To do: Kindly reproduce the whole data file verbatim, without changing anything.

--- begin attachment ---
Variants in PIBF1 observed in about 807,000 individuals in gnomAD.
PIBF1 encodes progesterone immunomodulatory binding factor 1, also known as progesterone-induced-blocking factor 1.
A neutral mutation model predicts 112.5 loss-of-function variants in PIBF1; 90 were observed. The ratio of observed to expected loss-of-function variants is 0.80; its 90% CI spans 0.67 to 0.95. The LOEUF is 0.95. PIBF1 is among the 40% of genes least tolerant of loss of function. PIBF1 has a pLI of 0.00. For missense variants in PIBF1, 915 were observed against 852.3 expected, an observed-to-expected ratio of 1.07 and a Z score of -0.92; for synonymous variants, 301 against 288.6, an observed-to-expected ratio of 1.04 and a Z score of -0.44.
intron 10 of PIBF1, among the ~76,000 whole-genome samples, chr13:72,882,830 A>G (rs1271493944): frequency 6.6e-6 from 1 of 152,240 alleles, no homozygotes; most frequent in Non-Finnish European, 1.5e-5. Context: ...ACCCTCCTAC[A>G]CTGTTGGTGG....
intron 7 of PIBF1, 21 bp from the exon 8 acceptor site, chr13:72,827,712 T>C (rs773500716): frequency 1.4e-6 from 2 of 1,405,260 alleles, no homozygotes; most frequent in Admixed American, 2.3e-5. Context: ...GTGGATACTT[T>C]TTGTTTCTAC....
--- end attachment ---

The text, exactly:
Variants in PIBF1 observed in about 807,000 individuals in gnomAD.
PIBF1 encodes progesterone immunomodulatory binding factor 1, also known as progesterone-induced-blocking factor 1.
A neutral mutation model predicts 112.5 loss-of-function variants in PIBF1; 90 were observed. The ratio of observed to expected loss-of-function variants is 0.80; its 90% CI spans 0.67 to 0.95. The LOEUF is 0.95. PIBF1 is among the 40% of genes least tolerant of loss of function. PIBF1 has a pLI of 0.00. For missense variants in PIBF1, 915 were observed against 852.3 expected, an observed-to-expected ratio of 1.07 and a Z score of -0.92; for synonymous variants, 301 against 288.6, an observed-to-expected ratio of 1.04 and a Z score of -0.44.
intron 10 of PIBF1, among the ~76,000 whole-genome samples, chr13:72,882,830 A>G (rs1271493944): frequency 6.6e-6 from 1 of 152,240 alleles, no homozygotes; most frequent in Non-Finnish European, 1.5e-5. Context: ...ACCCTCCTAC[A>G]CTGTTGGTGG....
intron 7 of PIBF1, 21 bp from the exon 8 acceptor site, chr13:72,827,712 T>C (rs773500716): frequency 1.4e-6 from 2 of 1,405,260 alleles, no homozygotes; most frequent in Admixed American, 2.3e-5. Context: ...GTGGATACTT[T>C]TTGTTTCTAC....